Where Should IT Contractors Take Their Programming Skills?VW Staff
Where Should IT Contractors Take Their Programming Skills?
With IT coming to prominence across most industries (and triggering automation on a large scale, especially in the Financial Markets, IT professionals have a wealth of professional opportunities to choose from. The ‘Gig Economy’ was borne out of their independent working habits, and while it has expanded to other jobs, the IT contractor remains at the centre of this lifestyle shift.
However, the IT contractor market remains extremely inefficient when it comes to pay. Emolument.com has launched its Contractor Pay Reports to bring transparency to the IT sector and other contractors. Based on our existing data pool of contractor data, we have been able to point to the best paying sectors and IT languages and see how it compares to be a contractor versus a full time employee.
Best paying sectors for IT contractors:
Based on 49 Contractors UK Senior Developers and 622 UK Full-time Senior Developers
- Tempting riches for contractors: Across all industries, contractors’ daily rates are two times the higher than annual salaries for equivalent jobs. However, if hesitating between the two, it is key to factor in job security, visibility when it comes to projects, and employee benefits – to some extent, choosing a “gig” profession is also a lifestyle choice.
- From Silicon Valley to Wall Street – While Media & Technology are the historical birthplaces of the contracting industry, banking now accounts for almost a third of all contractor positions. Under huge pressure by regulators and shareholders to streamline and automate as much of the banking activity as possible, especially on trading floors, banks have employed armies of IT contractors in order to build new systems both for support and front office functions. Beyond implementation, maintenance often ties contractors in for the long term: a hybrid position between freelancing and employee status?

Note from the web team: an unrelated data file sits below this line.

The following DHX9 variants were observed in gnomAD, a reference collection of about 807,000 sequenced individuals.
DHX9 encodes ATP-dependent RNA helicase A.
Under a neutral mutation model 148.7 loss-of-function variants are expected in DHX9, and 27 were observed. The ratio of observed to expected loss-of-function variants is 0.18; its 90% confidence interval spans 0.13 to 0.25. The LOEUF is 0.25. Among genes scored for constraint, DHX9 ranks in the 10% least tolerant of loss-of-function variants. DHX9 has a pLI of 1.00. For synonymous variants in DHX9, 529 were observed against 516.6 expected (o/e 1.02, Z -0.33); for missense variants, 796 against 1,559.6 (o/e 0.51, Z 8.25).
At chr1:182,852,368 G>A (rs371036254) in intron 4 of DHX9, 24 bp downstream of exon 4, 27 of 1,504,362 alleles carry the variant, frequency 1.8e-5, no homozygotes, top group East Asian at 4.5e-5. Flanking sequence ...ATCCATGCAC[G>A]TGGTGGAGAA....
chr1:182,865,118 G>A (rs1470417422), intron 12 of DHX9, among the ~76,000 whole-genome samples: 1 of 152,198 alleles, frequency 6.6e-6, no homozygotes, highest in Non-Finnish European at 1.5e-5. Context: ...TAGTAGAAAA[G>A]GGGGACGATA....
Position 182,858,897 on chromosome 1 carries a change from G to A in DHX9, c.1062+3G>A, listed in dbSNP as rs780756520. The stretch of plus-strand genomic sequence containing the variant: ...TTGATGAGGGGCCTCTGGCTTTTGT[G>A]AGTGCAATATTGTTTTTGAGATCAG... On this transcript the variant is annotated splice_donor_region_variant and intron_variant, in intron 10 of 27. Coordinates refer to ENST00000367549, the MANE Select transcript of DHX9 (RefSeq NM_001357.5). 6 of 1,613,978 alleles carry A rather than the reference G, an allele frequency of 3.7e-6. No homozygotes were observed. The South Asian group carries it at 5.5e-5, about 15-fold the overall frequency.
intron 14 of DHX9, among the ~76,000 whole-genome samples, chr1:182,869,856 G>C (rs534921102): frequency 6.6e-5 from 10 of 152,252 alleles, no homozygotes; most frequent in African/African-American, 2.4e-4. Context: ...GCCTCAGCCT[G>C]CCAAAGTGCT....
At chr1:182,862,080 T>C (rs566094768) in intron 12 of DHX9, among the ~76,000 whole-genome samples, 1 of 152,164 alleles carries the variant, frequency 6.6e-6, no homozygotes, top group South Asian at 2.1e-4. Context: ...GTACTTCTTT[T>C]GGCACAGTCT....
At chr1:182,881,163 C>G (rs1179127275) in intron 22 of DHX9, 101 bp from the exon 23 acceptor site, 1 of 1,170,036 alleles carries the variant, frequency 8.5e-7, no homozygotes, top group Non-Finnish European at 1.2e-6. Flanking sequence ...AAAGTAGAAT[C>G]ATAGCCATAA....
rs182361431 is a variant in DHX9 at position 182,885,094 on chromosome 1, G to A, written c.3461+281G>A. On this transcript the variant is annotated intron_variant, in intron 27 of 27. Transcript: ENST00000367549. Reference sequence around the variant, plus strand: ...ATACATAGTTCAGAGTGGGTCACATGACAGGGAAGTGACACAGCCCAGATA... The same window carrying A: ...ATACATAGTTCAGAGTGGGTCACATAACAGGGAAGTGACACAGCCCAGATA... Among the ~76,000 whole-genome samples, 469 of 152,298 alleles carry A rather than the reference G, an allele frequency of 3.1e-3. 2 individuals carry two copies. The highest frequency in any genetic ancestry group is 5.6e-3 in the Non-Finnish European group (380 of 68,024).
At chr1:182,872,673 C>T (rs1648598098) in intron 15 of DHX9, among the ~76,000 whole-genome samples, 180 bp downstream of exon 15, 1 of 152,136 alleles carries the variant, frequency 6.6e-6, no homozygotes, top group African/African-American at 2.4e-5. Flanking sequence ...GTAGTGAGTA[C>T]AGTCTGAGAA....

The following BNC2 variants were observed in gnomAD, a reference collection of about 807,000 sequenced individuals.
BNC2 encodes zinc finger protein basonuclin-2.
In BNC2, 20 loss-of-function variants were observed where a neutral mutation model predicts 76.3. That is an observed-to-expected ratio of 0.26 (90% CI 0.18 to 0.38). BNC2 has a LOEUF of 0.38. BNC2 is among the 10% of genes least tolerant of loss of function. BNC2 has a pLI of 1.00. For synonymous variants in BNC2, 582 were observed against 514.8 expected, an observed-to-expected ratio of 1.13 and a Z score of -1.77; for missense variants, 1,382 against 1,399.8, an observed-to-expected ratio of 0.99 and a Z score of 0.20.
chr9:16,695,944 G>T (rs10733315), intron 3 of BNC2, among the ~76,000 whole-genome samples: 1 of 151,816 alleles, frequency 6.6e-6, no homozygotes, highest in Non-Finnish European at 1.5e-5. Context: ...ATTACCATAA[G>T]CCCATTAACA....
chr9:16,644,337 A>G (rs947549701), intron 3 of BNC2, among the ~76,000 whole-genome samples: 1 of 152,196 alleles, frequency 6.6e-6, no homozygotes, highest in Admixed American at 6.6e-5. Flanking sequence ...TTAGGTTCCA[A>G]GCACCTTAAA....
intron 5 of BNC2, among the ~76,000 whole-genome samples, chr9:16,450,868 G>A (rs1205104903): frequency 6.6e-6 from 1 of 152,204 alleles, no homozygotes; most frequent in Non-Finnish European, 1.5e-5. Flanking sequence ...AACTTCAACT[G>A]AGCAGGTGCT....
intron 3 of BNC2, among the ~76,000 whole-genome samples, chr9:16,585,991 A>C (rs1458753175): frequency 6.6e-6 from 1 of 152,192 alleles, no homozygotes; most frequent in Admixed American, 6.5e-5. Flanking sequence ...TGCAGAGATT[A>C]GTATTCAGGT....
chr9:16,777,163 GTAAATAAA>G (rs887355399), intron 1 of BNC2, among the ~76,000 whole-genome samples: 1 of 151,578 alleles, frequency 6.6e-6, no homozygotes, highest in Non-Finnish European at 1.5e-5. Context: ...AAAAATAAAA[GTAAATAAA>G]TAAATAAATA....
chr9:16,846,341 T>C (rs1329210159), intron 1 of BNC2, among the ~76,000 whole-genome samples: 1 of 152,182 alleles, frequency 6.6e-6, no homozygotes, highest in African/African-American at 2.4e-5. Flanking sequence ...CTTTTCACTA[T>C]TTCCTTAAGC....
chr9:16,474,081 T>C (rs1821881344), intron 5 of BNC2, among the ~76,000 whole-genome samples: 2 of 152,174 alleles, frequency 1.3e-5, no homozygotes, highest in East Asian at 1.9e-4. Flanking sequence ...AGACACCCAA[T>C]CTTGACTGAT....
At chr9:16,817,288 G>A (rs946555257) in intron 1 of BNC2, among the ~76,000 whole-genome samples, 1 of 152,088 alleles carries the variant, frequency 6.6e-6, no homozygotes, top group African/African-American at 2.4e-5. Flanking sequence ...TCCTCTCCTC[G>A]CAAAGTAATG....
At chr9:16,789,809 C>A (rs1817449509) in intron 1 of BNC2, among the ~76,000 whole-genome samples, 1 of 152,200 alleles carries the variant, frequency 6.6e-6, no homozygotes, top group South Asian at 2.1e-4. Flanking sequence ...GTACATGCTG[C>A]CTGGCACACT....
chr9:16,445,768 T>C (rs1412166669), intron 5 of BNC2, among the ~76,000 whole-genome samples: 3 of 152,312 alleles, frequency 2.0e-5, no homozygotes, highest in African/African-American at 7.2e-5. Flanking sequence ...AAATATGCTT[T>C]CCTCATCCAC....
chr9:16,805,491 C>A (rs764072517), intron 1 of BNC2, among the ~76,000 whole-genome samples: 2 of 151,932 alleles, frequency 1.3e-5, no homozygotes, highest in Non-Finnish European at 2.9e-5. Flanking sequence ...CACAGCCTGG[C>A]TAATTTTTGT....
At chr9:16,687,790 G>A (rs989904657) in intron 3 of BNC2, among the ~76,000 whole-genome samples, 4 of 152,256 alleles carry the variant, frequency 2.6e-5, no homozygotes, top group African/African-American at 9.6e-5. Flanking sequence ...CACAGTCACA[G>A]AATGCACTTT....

- Banks have not struggled to draw IT professionals thanks to high pay packages both for full time and freelance employees: While we expected Banking & Financial Services be the highest-paying sector for IT contractors, it was surprising to see how much of a gap exists between banking and the runner up media sector (62% gap).
How do years of experience impact pay?
Based on 155 UK IT Consultants
- Experience matters, even when it comes to new technology: Despite a lack of hierarchy in the contractor industry, experience does come into play when it comes to pay, due to reputations being built over time through word of mouth. An IT contractor’s main challenge is to remain on top of new IT developments and trends in order to avoid becoming obsolete.
Top paying languages
Based on 49 UK Senior Developers
- Java takes top spot! Both for contractors and full time employees, Java is the best paying language across all industries. Java Developers should definitely look for a job in finance as the average developer makes £45,000 annual salary with zero bonus on average, versus £56,000 with a £7,000 bonus in finance.
- Different rules for full time developers: C++ is the best payer for full-time finance developers, only just at £55,000 on average with Python coming in at £54,000, and Java at £51,000
Alice Leguay, COO & Co-Founder at Emolument.com said: “As IT moves from a support function to a key centre of product and business development, banks worry more and more about paying their IT staff – both permanent and contracting – accurately, which is proving a difficult exercise especially with contractors who have wildly fluctuating day rates. Hence why we felt the need for a reliable and detailed output for contractors’ salary to provide pay transparency to employers and contractors as we have done for years for full time positions. Forget about banks being involved in a tug of war for traders or M&A executives, the IT developer is the new hot property.”